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Thread: Boeing 787 Dreamliner in traffic , NEWS (Cont.)

  1. #81
    Super Moderator scanhorse's Avatar
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    ANA replaced 10 Dreamliner batteries before emergency landing

    TOKYO – All Nippon Airways <9202.T> said it had replaced 10 below-par lithium-ion batteries on its Boeing Co 787 Dreamliners in the months before one of the passenger jets was forced to make an emergency landing due to an overheated battery triggering smoke alarms.
    The Japanese carrier, the biggest customer to date for the new Boeing jetliner, did not inform accident investigators in the United States because the incidents, including 5 batteries that had unusually low charges, did not compromise the plane's safety, ANA spokesman Ryosei Nomura said on Wednesday.
    ANA did, however, inform Boeing of the faults that began in May, and returned the batteries to their manufacturer, GS Yuasa Corp <6674.T>. A spokesman for the battery maker declined to comment on Wednesday. Shares of the company fell 1.2 percent.
    Boeing spokesman Marc Birtel said the airplane maker could not comment as the U.S. National Transportation Safety Board (NTSB) has indicated this is now part of their investigation.
    The New York Times earlier quoted an NTSB spokeswoman as saying the agency would include these "numerous issues" with the 787 battery in its investigations.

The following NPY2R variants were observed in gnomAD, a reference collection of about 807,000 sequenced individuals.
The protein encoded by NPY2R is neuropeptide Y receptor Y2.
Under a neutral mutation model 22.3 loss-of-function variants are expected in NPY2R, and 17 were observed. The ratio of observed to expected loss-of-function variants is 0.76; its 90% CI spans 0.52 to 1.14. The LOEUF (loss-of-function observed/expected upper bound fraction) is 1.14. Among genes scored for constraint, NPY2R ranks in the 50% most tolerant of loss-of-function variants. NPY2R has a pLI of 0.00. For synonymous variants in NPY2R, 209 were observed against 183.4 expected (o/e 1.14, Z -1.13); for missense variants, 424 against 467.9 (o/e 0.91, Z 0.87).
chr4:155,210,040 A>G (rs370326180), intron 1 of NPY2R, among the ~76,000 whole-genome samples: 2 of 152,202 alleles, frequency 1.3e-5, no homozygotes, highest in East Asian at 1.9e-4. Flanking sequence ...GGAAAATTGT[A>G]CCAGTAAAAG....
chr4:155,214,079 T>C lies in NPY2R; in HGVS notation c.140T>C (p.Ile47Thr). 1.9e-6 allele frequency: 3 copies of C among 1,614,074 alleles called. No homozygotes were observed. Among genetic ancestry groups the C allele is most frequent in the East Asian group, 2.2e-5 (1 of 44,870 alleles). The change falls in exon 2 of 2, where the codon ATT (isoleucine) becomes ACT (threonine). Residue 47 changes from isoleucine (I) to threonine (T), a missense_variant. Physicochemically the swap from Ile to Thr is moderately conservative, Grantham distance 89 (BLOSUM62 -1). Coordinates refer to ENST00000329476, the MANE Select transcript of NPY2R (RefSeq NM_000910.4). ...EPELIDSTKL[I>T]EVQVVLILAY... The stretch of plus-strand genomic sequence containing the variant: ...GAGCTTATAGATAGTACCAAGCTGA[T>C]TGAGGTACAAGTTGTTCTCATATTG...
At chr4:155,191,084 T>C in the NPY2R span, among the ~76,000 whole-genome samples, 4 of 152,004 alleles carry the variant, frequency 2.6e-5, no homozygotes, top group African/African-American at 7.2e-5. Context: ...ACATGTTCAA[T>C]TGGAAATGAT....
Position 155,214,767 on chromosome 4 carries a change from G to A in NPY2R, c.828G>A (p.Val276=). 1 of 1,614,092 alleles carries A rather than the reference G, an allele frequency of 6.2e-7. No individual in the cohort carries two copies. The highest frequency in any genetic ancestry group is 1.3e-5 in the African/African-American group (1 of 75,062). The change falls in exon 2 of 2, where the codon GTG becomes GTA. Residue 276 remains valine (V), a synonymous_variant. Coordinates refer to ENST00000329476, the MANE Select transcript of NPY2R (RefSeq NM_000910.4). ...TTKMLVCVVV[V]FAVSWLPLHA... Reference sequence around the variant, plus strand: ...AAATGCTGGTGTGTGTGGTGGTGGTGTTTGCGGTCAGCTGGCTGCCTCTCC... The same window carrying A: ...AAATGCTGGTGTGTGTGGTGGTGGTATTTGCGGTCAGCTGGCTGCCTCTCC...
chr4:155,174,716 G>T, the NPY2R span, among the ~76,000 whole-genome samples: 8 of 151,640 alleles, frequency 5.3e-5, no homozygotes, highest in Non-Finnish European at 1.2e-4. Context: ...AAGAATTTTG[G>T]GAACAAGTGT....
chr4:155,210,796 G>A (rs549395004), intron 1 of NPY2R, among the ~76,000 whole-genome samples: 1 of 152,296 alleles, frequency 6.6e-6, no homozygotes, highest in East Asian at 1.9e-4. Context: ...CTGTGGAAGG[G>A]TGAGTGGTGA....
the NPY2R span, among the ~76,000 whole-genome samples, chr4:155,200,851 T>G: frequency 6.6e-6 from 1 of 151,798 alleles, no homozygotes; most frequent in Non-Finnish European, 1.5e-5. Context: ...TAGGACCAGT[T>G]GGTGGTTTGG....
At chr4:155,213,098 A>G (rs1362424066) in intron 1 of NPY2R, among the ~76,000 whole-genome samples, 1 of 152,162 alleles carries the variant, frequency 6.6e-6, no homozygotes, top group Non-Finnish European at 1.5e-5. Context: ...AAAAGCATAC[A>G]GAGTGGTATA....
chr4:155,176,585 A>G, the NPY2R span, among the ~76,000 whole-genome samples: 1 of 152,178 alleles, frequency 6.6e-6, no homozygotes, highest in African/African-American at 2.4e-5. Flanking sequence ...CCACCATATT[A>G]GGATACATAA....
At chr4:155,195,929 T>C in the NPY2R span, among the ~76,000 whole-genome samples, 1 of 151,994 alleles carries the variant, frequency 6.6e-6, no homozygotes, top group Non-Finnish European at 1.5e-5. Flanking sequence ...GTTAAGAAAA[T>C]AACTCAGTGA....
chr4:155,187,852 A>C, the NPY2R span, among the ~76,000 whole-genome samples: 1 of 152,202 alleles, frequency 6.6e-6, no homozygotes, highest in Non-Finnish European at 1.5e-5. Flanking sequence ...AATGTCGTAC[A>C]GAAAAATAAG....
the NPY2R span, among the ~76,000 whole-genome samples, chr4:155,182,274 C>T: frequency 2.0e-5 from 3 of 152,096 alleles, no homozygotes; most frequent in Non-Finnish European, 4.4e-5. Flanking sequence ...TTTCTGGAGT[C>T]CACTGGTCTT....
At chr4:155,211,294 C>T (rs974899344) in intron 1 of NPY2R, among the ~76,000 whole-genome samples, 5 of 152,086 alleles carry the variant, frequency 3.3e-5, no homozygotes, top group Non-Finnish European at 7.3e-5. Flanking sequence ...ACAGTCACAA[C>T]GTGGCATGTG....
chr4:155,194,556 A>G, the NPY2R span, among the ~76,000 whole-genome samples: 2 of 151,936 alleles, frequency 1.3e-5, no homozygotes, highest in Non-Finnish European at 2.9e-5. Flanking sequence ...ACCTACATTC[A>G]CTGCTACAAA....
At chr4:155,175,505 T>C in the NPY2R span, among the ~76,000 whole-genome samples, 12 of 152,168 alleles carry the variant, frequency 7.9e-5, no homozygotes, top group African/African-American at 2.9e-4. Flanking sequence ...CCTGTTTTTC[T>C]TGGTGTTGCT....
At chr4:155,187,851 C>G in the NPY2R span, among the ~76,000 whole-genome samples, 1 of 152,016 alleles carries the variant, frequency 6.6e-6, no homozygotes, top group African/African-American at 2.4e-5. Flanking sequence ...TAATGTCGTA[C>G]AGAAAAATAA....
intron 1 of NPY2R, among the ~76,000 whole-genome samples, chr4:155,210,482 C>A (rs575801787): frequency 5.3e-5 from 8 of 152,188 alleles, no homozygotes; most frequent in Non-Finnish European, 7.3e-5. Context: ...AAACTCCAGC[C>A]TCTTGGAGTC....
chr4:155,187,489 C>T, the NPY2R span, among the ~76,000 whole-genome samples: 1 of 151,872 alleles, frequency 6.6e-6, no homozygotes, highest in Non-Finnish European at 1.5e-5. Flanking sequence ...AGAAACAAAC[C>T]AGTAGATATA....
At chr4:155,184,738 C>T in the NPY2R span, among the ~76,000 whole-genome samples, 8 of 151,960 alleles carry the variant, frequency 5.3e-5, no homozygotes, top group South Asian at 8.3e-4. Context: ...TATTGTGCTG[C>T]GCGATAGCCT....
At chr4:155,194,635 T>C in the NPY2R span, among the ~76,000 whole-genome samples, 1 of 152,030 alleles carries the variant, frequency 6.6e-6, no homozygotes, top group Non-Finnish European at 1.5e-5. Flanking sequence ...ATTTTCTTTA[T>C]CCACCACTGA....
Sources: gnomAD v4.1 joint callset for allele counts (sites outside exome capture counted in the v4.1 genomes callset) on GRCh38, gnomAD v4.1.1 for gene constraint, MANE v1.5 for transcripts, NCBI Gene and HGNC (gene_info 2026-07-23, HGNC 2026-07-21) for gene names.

Under aviation inspection rules, airlines are required to perform detailed battery inspections once every two years.
    The global fleet of 50 Dreamliners - 17 of which are operated by ANA - remain grounded as investigators in Japan and the U.S. try to find out what caused one battery to catch fire on a Japan Airlines Co <9201.T> 787 at Boston's Logan Airport earlier this month, and a second battery to burn on the ANA domestic flight that made the emergency landing.
    The NTSB said on Tuesday it was carrying out a microscopic investigation of the JAL 787 battery. Neither it nor the Japan Transport Safety Board has been able to say when they are likely to complete their work.

    http://www.foxbusiness.com/news/2013...ency-landing/?

  2. #82
    Super Moderator scanhorse's Avatar
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    AP Exclusive: 787 grounded, but batteries can fly

    WASHINGTON (AP) — At the same time the government certified Boeing's 787 Dreamliners as safe, federal rules barred the type of batteries used to power the airliner's electrical systems from being carried as cargo on passenger planes because of the fire risk.
    Now the situation is reversed.
    Dreamliners worldwide were grounded nearly three weeks ago after lithium ion batteries that are part of the planes led to a fire in one plane and smoke in a second. But new rules exempt aircraft batteries from the ban on large lithium ion batteries as cargo on flights by passenger planes.